Mister D: This means our own BetteHead, Spencer Brown, is Down Under. Any Betteheads there make sure to go see him and the group….tell him hello!!!! Introduce yourselves….
Boys just wanna have fun
February 25, 2010 – 11:00PM
By day, he’s a highly unconventional lay rabbi. By night, Irwin Keller breaks even more rules, dressing in nerdy drag to sing, rather than lip-sync, everything from sassy doo-wop to stinging satirical songs.
Keller – and the rest of his “dragapella quartet”, the Kinsey Sicks – are visiting Australia for the first time to join this year’s Mardi Gras line-up. The quartet has taken aim at everything from George Bush and Republican politics – “Obama was definitely bad for the comedy industry,” Keller says – to inane television news broadcasters. Their latest show includes original songs and parodies of pop’s biggest stars – think Britney Spears and Beyonce.
The quartet came together thanks to Ben Schatz, who plays Rachel in the Kinsey Sicks (a reference to the Kinsey sexuality scale, where six signifies ”exclusively homosexual”). “Ben used to organise these drag excursions – we were all busy young professionals and activists – and to cut loose, he would say: ‘OK, Friday night we’re all getting in drag and going to San Francisco airport,”’ Keller says. ”It’s not easy to stun people in drag in San Francisco but we tried really hard.”
It wasn’t until they dressed as the Andrews Sisters for a 1993 Bette Midler concert – “We were surprised we were the only drag queens there other than Bette” – that the seed for the Kinsey Sicks was planted. A promoter asked if they’d consider a professional gig, which was when the friends realised they each had great pipes.
“We sat up all night coming up with ideas and harmonising and we thought: ‘Gosh, doing a cappella in drag would be hilarious,'” Keller says. “We spent the next six months putting together our first show and we performed on a street corner but we never starved.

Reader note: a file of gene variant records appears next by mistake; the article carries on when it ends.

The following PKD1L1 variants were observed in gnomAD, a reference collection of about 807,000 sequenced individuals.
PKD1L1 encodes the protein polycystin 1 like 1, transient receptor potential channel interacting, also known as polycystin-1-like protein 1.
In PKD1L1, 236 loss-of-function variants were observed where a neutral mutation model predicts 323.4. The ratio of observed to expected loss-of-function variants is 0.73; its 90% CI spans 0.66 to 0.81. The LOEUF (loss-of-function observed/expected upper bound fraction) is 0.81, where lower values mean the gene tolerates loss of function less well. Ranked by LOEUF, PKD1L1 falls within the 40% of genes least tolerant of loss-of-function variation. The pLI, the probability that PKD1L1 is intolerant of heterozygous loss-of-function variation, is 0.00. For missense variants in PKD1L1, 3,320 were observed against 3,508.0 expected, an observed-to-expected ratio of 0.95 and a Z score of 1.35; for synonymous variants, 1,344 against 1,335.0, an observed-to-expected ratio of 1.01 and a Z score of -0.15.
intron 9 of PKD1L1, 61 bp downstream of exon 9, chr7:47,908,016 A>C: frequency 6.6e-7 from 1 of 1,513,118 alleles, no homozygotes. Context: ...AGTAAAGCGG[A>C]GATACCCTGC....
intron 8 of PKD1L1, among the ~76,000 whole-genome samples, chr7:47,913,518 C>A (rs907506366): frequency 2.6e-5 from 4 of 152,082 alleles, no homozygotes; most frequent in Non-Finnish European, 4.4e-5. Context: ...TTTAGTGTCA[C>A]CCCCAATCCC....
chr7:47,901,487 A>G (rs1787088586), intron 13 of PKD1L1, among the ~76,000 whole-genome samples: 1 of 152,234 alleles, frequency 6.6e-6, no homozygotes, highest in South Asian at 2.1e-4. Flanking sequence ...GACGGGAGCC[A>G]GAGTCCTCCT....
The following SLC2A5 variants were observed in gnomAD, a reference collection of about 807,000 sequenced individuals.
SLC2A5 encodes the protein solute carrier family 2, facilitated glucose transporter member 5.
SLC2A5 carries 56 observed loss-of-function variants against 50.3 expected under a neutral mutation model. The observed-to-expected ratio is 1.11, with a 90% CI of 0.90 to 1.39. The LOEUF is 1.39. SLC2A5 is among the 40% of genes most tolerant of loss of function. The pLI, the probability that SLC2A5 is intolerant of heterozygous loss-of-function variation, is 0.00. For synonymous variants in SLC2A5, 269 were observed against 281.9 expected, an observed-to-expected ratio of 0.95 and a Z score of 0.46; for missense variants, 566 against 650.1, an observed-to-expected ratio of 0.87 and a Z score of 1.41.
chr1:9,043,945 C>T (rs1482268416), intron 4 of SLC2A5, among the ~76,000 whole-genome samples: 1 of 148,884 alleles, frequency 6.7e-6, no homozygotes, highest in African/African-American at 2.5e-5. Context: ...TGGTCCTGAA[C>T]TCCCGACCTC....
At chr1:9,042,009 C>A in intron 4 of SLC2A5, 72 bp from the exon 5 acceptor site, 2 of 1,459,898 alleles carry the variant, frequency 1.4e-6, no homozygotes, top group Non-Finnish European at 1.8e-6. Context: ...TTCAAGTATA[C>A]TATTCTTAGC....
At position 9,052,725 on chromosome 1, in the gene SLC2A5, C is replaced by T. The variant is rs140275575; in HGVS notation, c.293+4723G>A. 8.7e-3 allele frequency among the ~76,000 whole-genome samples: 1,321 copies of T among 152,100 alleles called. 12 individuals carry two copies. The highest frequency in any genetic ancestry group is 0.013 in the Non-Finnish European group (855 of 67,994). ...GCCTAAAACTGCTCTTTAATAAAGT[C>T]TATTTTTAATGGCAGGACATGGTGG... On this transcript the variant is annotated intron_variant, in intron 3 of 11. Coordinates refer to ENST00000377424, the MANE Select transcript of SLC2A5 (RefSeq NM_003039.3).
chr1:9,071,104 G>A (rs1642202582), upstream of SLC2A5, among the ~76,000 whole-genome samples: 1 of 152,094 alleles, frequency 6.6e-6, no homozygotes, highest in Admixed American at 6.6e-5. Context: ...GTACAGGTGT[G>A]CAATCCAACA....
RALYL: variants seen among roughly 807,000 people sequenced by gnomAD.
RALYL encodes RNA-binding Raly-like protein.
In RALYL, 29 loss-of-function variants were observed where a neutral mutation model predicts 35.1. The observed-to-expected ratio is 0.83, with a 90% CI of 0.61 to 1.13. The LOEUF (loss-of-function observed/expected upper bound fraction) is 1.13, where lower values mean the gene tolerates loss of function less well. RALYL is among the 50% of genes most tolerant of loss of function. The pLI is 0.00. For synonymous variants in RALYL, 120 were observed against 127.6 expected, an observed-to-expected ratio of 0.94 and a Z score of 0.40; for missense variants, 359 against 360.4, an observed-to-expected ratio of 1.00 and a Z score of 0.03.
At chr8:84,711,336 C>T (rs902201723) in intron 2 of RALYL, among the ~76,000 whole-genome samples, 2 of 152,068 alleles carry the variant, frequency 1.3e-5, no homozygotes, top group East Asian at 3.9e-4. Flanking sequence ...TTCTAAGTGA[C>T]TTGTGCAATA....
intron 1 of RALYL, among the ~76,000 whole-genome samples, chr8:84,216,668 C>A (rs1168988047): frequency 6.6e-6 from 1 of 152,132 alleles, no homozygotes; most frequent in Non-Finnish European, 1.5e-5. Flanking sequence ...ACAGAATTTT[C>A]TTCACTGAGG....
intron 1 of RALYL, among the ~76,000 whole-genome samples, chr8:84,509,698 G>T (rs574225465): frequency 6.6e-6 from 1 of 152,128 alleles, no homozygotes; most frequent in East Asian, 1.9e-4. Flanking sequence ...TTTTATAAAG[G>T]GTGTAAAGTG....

”I was working as a lawyer with the AIDS Legal Referral Panel. Ben was running a national policy program advocating on behalf of lesbian and gay healthcare workers and he was also one of President Clinton’s advisers on HIV policy.”
Schatz went full-time with the Kinsey Sicks in 1999; Keller followed a few years later. “I have to confess that when I finally went full-time with the Kinsey Sicks, there was a twinge there – I’m not done doing this good work – but what we found is doing the Kinsey Sicks is also doing good work,” Keller says.
“Besides carrying a great deal of silliness and raunch, we carry a great deal of message. People are willing to listen to our message and they enjoy hearing it in a way that we could never do when we were wearing suits and being talking heads on TV.”
One message is that everyone should feel comfortable with their sexuality and who they are. “My character, Winnie, who is the lesbian of the group, reveals that her girlfriend has now transitioned and is now her boyfriend,” Keller says.
“She sings a song that I love – it’s a parody of Danny Boy called Tranny Boy . What I love about it is its politics are subtle.
”Winnie sings about the nosy questions people ask and it’s a chance for [non-transvestite] audiences to identify with their curiosity about just those topics, like: ‘Yeah, I want to know that, too! Yeah, how do you have sex?’
”But Winnie doesn’t answer any of those questions.”
Keller preaches what he practises as the spiritual leader for a congregation of 60 families near San Francisco. “I try my best to be who I am when I’m on the pulpit – and a couple of times I’ve done it in skirts,” says Keller, who learnt Yiddish from a Melbourne expat in Israel.
How does his choice of attire go down? “Mostly, everyone wants to know where I got my skirt and, for other people, it gives them a little chance to have the discussion of why is it so terrible, actually, for a man to be wearing a skirt – and that’s a fine conversation. I’m always eager for people to question their assumptions.”
So the congregation’s cool with his other gig? “Everyone is delighted that they are the synagogue with the singing drag queen,” he says. “It is Sonoma County, northern California, former hippies – they love being that offbeat.”
THE KINSEY SICKS:
EACH HIT AND I
Tuesday-March 6 , 7.30pm, Seymour Centre , Chippendale, 9351 7940 or seymourcentre.com.au, $38/$33.
Source: The Sydney Morning Herald